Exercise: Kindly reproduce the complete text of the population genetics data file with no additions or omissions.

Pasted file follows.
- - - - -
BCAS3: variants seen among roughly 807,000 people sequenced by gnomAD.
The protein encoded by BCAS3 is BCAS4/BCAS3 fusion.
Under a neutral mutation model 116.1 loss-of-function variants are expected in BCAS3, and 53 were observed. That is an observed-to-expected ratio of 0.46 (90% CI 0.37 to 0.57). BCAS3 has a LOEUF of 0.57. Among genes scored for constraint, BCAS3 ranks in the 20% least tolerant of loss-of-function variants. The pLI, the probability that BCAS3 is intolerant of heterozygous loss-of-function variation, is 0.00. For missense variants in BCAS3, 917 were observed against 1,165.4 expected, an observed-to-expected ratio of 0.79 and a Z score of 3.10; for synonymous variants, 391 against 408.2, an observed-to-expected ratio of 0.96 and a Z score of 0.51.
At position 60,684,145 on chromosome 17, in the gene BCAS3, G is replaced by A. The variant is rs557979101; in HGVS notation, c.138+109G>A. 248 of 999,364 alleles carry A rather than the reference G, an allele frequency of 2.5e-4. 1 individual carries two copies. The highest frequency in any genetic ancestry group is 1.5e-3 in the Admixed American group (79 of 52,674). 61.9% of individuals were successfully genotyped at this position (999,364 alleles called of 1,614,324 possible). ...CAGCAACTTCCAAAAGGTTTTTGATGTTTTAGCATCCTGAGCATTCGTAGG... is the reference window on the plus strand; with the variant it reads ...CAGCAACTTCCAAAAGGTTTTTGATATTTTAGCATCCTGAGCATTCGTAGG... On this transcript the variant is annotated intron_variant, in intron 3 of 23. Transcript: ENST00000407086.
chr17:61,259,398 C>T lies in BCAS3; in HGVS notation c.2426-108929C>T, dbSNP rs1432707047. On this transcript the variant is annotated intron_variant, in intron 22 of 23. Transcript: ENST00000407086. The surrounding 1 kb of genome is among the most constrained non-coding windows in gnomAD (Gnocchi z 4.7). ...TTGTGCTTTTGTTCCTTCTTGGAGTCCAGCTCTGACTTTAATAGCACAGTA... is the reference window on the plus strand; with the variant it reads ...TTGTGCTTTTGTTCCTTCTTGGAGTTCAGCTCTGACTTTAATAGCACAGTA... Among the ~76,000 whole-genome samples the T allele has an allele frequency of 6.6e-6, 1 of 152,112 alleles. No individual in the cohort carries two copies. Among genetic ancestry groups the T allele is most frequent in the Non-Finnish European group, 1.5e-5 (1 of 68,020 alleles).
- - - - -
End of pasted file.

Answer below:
BCAS3: variants seen among roughly 807,000 people sequenced by gnomAD.
The protein encoded by BCAS3 is BCAS4/BCAS3 fusion.
Under a neutral mutation model 116.1 loss-of-function variants are expected in BCAS3, and 53 were observed. That is an observed-to-expected ratio of 0.46 (90% CI 0.37 to 0.57). BCAS3 has a LOEUF of 0.57. Among genes scored for constraint, BCAS3 ranks in the 20% least tolerant of loss-of-function variants. The pLI, the probability that BCAS3 is intolerant of heterozygous loss-of-function variation, is 0.00. For missense variants in BCAS3, 917 were observed against 1,165.4 expected, an observed-to-expected ratio of 0.79 and a Z score of 3.10; for synonymous variants, 391 against 408.2, an observed-to-expected ratio of 0.96 and a Z score of 0.51.
At position 60,684,145 on chromosome 17, in the gene BCAS3, G is replaced by A. The variant is rs557979101; in HGVS notation, c.138+109G>A. 248 of 999,364 alleles carry A rather than the reference G, an allele frequency of 2.5e-4. 1 individual carries two copies. The highest frequency in any genetic ancestry group is 1.5e-3 in the Admixed American group (79 of 52,674). 61.9% of individuals were successfully genotyped at this position (999,364 alleles called of 1,614,324 possible). ...CAGCAACTTCCAAAAGGTTTTTGATGTTTTAGCATCCTGAGCATTCGTAGG... is the reference window on the plus strand; with the variant it reads ...CAGCAACTTCCAAAAGGTTTTTGATATTTTAGCATCCTGAGCATTCGTAGG... On this transcript the variant is annotated intron_variant, in intron 3 of 23. Transcript: ENST00000407086.
chr17:61,259,398 C>T lies in BCAS3; in HGVS notation c.2426-108929C>T, dbSNP rs1432707047. On this transcript the variant is annotated intron_variant, in intron 22 of 23. Transcript: ENST00000407086. The surrounding 1 kb of genome is among the most constrained non-coding windows in gnomAD (Gnocchi z 4.7). ...TTGTGCTTTTGTTCCTTCTTGGAGTCCAGCTCTGACTTTAATAGCACAGTA... is the reference window on the plus strand; with the variant it reads ...TTGTGCTTTTGTTCCTTCTTGGAGTTCAGCTCTGACTTTAATAGCACAGTA... Among the ~76,000 whole-genome samples the T allele has an allele frequency of 6.6e-6, 1 of 152,112 alleles. No individual in the cohort carries two copies. Among genetic ancestry groups the T allele is most frequent in the Non-Finnish European group, 1.5e-5 (1 of 68,020 alleles).